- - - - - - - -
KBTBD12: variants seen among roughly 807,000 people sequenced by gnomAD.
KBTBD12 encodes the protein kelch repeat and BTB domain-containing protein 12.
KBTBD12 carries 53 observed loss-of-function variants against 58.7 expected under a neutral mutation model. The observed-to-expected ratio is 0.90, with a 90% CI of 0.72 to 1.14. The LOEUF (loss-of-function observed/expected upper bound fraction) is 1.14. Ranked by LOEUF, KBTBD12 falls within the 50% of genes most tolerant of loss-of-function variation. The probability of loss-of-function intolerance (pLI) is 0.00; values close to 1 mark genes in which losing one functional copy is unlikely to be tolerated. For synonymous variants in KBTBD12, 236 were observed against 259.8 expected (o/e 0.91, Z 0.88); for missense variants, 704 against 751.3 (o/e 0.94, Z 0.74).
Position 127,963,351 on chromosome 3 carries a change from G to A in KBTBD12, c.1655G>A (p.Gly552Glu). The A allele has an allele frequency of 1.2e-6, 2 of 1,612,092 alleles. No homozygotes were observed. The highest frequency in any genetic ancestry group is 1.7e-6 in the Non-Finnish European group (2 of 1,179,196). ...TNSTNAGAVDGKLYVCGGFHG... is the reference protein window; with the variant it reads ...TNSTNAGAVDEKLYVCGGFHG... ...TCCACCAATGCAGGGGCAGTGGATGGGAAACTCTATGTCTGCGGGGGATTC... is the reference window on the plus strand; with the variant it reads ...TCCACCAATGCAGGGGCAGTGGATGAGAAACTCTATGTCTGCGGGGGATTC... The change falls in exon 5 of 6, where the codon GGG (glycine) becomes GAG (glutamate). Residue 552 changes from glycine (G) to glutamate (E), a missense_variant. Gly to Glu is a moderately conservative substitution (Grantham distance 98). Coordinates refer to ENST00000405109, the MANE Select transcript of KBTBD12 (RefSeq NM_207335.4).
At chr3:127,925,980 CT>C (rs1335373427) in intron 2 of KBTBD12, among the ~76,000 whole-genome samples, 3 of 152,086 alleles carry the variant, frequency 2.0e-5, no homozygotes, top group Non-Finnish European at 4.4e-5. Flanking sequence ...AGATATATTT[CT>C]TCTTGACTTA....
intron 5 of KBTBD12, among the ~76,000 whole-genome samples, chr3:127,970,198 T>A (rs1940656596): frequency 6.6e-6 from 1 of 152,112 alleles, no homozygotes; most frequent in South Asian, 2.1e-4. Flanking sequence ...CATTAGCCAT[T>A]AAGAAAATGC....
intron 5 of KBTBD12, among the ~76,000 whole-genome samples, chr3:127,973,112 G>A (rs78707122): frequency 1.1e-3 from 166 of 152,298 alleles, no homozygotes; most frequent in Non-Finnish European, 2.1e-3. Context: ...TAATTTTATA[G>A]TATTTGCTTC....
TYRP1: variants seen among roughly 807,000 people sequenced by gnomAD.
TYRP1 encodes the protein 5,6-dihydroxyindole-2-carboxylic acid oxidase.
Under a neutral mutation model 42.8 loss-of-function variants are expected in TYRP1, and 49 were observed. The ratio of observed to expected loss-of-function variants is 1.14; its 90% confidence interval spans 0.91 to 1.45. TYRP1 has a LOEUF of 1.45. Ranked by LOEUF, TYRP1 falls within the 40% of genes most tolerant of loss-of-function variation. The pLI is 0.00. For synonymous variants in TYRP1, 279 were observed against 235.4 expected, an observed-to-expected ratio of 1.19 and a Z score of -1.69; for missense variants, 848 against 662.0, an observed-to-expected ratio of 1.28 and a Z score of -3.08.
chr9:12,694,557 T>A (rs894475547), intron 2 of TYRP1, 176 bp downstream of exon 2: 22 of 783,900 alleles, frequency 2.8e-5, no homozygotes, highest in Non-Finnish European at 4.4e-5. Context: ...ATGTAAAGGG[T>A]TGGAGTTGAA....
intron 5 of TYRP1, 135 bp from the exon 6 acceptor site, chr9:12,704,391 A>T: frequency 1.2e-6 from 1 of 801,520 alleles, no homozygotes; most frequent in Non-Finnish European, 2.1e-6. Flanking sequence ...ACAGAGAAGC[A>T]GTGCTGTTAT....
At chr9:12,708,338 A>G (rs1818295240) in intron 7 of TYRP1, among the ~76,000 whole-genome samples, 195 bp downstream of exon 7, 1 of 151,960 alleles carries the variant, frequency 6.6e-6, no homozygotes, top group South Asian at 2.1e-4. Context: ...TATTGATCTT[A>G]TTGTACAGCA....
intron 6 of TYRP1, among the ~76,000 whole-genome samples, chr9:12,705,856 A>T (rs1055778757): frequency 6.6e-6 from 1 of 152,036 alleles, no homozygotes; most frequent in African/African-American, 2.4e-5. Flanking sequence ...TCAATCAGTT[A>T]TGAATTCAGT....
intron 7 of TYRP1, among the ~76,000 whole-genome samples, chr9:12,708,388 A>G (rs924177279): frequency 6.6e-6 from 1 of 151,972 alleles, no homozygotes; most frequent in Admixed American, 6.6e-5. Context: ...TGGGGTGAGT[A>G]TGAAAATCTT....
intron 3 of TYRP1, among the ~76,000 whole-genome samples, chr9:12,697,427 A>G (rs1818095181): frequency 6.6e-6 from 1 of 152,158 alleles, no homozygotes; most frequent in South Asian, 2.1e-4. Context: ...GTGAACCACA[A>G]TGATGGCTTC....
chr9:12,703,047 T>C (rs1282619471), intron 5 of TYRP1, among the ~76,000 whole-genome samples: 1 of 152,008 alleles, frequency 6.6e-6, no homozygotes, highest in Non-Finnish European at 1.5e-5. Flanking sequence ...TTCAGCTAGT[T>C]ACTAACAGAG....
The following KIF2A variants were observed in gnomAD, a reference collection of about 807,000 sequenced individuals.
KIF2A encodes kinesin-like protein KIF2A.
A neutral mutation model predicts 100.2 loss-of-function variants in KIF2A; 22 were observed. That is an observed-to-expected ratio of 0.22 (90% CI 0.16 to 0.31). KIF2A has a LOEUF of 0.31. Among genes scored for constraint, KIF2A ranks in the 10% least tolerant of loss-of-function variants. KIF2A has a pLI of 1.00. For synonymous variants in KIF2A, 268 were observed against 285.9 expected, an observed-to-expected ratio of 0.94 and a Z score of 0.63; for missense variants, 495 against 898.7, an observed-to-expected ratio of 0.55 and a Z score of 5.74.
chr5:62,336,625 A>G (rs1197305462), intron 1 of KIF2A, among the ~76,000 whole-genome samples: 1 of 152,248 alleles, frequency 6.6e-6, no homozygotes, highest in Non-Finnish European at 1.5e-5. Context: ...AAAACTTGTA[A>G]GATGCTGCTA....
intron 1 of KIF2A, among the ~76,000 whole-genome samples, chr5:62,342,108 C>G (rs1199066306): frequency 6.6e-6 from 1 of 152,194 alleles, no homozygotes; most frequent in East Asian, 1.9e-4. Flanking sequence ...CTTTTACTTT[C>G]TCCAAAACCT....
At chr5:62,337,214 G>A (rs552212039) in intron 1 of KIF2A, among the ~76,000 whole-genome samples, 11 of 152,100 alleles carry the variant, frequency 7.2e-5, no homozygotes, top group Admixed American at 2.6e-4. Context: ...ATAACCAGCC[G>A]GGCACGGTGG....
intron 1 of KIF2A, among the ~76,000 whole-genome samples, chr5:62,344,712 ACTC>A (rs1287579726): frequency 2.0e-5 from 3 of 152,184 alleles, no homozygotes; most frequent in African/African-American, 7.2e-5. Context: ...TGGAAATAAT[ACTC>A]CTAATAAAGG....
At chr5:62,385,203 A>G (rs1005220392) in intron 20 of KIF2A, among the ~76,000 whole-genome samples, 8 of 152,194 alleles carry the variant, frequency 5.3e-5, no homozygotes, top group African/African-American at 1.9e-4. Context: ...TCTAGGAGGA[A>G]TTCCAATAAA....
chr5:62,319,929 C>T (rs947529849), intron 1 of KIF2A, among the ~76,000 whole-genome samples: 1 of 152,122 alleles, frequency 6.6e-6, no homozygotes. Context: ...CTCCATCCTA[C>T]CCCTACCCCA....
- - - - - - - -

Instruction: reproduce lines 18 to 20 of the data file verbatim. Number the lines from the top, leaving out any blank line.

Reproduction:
The following KIF2A variants were observed in gnomAD, a reference collection of about 807,000 sequenced individuals.
KIF2A encodes kinesin-like protein KIF2A.
A neutral mutation model predicts 100.2 loss-of-function variants in KIF2A; 22 were observed. That is an observed-to-expected ratio of 0.22 (90% CI 0.16 to 0.31). KIF2A has a LOEUF of 0.31. Among genes scored for constraint, KIF2A ranks in the 10% least tolerant of loss-of-function variants. KIF2A has a pLI of 1.00. For synonymous variants in KIF2A, 268 were observed against 285.9 expected, an observed-to-expected ratio of 0.94 and a Z score of 0.63; for missense variants, 495 against 898.7, an observed-to-expected ratio of 0.55 and a Z score of 5.74.